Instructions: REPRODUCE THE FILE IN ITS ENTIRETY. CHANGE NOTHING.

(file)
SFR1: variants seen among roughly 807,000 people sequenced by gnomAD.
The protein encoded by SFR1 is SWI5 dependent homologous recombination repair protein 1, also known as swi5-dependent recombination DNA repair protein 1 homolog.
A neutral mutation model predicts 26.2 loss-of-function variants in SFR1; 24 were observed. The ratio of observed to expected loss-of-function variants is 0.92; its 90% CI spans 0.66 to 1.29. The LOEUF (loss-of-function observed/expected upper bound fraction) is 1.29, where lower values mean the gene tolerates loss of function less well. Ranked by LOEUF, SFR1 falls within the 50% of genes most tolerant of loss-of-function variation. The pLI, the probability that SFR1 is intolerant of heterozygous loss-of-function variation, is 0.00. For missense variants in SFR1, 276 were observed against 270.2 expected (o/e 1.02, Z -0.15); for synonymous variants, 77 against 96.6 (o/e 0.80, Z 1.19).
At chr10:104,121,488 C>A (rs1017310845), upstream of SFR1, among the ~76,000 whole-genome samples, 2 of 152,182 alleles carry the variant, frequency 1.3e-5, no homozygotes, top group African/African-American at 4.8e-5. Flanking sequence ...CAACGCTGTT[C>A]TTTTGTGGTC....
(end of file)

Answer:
SFR1: variants seen among roughly 807,000 people sequenced by gnomAD.
The protein encoded by SFR1 is SWI5 dependent homologous recombination repair protein 1, also known as swi5-dependent recombination DNA repair protein 1 homolog.
A neutral mutation model predicts 26.2 loss-of-function variants in SFR1; 24 were observed. The ratio of observed to expected loss-of-function variants is 0.92; its 90% CI spans 0.66 to 1.29. The LOEUF (loss-of-function observed/expected upper bound fraction) is 1.29, where lower values mean the gene tolerates loss of function less well. Ranked by LOEUF, SFR1 falls within the 50% of genes most tolerant of loss-of-function variation. The pLI, the probability that SFR1 is intolerant of heterozygous loss-of-function variation, is 0.00. For missense variants in SFR1, 276 were observed against 270.2 expected (o/e 1.02, Z -0.15); for synonymous variants, 77 against 96.6 (o/e 0.80, Z 1.19).
At chr10:104,121,488 C>A (rs1017310845), upstream of SFR1, among the ~76,000 whole-genome samples, 2 of 152,182 alleles carry the variant, frequency 1.3e-5, no homozygotes, top group African/African-American at 4.8e-5. Flanking sequence ...CAACGCTGTT[C>A]TTTTGTGGTC....